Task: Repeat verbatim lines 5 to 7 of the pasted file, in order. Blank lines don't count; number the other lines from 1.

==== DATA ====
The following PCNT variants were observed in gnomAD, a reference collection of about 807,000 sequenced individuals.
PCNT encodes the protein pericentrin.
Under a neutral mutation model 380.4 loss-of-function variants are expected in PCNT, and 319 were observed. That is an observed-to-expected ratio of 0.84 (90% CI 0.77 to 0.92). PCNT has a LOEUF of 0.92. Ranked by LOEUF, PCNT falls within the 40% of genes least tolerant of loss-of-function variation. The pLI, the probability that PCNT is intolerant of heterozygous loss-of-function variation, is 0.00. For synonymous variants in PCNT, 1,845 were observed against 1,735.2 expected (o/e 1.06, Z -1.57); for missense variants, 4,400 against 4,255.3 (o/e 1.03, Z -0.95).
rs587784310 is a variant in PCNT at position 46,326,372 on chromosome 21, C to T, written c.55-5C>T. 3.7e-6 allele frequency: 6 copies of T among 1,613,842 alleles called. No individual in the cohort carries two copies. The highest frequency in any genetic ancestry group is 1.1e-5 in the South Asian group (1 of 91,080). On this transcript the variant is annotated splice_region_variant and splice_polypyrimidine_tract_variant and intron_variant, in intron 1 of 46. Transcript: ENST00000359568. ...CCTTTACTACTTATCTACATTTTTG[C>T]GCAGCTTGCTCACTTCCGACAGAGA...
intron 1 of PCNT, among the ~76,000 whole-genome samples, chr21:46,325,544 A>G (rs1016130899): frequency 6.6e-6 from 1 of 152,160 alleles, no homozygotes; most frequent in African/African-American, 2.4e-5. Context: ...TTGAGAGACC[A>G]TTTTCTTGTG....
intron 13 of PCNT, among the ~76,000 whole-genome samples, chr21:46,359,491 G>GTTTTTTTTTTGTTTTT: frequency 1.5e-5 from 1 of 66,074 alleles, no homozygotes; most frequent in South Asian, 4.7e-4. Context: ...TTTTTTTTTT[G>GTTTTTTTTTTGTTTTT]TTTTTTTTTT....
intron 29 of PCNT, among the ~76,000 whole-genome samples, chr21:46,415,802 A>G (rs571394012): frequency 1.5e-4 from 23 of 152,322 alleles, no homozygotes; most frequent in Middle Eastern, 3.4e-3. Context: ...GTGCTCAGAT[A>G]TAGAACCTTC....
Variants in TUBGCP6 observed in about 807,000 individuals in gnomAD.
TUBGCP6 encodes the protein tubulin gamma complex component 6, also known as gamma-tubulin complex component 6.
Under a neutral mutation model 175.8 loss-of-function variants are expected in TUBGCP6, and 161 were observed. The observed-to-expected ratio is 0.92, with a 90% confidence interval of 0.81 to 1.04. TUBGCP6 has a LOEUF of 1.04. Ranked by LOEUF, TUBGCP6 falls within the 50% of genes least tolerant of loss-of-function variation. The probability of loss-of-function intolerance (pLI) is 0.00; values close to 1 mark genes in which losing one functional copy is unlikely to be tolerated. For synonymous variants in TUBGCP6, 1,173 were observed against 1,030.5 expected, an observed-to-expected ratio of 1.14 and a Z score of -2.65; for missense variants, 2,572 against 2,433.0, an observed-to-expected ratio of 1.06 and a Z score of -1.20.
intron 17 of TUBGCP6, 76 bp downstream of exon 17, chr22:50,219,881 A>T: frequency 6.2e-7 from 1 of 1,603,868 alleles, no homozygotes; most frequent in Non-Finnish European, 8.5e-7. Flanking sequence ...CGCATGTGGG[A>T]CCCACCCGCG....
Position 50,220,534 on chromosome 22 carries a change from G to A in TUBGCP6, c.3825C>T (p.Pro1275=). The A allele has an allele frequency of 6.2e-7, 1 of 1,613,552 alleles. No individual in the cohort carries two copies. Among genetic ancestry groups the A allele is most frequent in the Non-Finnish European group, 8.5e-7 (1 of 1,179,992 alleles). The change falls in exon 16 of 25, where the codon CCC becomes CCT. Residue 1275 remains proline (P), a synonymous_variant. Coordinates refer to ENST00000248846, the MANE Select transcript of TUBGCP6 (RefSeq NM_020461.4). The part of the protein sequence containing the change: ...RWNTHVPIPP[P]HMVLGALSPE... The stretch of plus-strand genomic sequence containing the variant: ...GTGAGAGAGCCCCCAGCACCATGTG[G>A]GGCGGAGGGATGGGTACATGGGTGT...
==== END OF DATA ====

intron 1 of PCNT, among the ~76,000 whole-genome samples, chr21:46,325,544 A>G (rs1016130899): frequency 6.6e-6 from 1 of 152,160 alleles, no homozygotes; most frequent in African/African-American, 2.4e-5. Context: ...TTGAGAGACC[A>G]TTTTCTTGTG....
intron 13 of PCNT, among the ~76,000 whole-genome samples, chr21:46,359,491 G>GTTTTTTTTTTGTTTTT: frequency 1.5e-5 from 1 of 66,074 alleles, no homozygotes; most frequent in South Asian, 4.7e-4. Context: ...TTTTTTTTTT[G>GTTTTTTTTTTGTTTTT]TTTTTTTTTT....
intron 29 of PCNT, among the ~76,000 whole-genome samples, chr21:46,415,802 A>G (rs571394012): frequency 1.5e-4 from 23 of 152,322 alleles, no homozygotes; most frequent in Middle Eastern, 3.4e-3. Context: ...GTGCTCAGAT[A>G]TAGAACCTTC....